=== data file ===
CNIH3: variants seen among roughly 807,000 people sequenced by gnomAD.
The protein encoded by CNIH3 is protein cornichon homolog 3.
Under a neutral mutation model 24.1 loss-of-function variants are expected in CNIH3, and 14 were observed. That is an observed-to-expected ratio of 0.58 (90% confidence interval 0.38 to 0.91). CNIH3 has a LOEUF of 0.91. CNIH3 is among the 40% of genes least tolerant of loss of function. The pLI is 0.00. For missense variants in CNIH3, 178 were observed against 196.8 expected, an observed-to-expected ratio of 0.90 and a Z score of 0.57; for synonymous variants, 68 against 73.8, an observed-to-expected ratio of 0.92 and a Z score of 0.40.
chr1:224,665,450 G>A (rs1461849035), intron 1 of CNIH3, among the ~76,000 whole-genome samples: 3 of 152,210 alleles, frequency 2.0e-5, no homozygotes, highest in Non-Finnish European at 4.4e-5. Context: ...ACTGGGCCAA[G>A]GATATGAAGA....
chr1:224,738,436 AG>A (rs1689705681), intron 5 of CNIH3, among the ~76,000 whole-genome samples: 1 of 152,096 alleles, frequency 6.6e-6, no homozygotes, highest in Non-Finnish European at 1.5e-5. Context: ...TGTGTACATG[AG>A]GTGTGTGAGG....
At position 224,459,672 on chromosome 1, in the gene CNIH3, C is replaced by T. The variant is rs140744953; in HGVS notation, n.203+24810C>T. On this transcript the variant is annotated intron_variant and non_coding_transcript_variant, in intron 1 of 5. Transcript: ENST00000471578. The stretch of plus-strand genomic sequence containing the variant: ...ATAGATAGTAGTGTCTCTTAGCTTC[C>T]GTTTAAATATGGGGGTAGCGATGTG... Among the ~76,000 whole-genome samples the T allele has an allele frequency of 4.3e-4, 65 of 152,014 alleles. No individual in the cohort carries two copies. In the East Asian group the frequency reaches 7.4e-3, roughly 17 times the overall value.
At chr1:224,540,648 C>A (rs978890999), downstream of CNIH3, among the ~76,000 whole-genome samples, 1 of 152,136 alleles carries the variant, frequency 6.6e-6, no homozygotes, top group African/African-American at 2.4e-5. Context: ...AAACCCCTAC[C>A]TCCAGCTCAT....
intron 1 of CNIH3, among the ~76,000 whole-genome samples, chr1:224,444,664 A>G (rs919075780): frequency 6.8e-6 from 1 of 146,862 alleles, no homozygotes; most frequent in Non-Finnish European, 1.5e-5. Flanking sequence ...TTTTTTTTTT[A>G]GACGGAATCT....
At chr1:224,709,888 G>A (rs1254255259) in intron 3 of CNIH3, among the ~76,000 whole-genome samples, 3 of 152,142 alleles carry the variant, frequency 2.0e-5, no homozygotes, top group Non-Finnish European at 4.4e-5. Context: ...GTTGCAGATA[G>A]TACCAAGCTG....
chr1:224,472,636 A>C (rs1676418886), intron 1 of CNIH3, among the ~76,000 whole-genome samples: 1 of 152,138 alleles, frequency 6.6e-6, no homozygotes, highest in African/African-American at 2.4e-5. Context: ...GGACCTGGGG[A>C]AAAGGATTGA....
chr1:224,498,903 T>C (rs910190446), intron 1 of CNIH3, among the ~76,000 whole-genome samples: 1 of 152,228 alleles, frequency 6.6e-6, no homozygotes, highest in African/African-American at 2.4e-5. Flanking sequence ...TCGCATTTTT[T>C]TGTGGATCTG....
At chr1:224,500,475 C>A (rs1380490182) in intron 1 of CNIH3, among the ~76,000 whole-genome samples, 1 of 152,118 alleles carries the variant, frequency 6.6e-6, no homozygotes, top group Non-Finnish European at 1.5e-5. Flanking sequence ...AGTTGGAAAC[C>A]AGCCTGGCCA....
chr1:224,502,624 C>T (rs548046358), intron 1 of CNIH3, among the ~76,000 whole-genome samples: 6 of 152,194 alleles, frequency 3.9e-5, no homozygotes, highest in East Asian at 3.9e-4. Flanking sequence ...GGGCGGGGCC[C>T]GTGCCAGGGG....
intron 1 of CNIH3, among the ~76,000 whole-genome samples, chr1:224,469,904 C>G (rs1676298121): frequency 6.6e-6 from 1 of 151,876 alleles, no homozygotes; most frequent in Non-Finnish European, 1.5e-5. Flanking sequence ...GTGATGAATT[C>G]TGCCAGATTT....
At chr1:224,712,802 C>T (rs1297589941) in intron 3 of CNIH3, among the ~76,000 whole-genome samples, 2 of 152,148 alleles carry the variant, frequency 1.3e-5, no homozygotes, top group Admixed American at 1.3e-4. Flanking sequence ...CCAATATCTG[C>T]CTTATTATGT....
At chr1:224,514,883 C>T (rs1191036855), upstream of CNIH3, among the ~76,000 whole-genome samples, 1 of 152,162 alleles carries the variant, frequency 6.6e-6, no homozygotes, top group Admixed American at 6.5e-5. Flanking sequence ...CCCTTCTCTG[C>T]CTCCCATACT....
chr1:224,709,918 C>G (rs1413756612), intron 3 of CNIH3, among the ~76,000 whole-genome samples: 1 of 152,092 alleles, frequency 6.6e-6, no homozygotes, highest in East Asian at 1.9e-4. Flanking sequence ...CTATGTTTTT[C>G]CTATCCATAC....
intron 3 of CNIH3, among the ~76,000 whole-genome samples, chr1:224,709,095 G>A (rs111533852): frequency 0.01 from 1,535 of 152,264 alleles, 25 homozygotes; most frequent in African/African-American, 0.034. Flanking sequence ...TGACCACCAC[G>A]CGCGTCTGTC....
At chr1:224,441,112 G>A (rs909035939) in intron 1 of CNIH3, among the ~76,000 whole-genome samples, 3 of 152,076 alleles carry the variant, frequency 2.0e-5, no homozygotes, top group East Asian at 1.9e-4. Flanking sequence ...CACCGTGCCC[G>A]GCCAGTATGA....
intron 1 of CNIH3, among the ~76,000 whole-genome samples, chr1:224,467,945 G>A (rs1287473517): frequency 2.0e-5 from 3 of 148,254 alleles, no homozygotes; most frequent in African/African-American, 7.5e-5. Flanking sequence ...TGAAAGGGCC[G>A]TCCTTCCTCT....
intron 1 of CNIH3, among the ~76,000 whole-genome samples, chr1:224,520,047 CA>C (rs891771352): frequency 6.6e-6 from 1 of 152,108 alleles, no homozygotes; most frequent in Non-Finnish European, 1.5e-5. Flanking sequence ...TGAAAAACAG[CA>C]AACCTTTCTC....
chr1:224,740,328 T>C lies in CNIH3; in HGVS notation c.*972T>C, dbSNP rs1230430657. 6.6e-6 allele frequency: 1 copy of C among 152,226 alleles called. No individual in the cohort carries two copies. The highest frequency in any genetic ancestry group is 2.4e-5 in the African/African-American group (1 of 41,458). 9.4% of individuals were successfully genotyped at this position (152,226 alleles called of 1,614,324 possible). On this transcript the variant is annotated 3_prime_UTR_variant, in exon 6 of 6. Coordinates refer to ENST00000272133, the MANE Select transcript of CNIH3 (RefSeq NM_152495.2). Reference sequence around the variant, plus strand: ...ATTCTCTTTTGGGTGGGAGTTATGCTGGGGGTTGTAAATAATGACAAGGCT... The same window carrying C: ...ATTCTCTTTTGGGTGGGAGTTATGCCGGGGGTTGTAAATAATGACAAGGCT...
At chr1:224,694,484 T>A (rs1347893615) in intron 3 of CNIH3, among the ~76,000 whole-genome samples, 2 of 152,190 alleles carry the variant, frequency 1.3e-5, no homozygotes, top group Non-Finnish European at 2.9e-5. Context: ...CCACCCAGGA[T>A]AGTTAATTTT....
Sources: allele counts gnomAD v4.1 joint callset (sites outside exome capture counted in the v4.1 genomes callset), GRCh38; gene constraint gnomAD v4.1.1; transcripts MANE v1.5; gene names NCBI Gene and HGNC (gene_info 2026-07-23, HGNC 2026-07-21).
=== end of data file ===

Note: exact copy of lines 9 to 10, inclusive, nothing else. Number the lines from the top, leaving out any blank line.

At chr1:224,709,888 G>A (rs1254255259) in intron 3 of CNIH3, among the ~76,000 whole-genome samples, 3 of 152,142 alleles carry the variant, frequency 2.0e-5, no homozygotes, top group Non-Finnish European at 4.4e-5. Context: ...GTTGCAGATA[G>A]TACCAAGCTG....
chr1:224,472,636 A>C (rs1676418886), intron 1 of CNIH3, among the ~76,000 whole-genome samples: 1 of 152,138 alleles, frequency 6.6e-6, no homozygotes, highest in African/African-American at 2.4e-5. Context: ...GGACCTGGGG[A>C]AAAGGATTGA....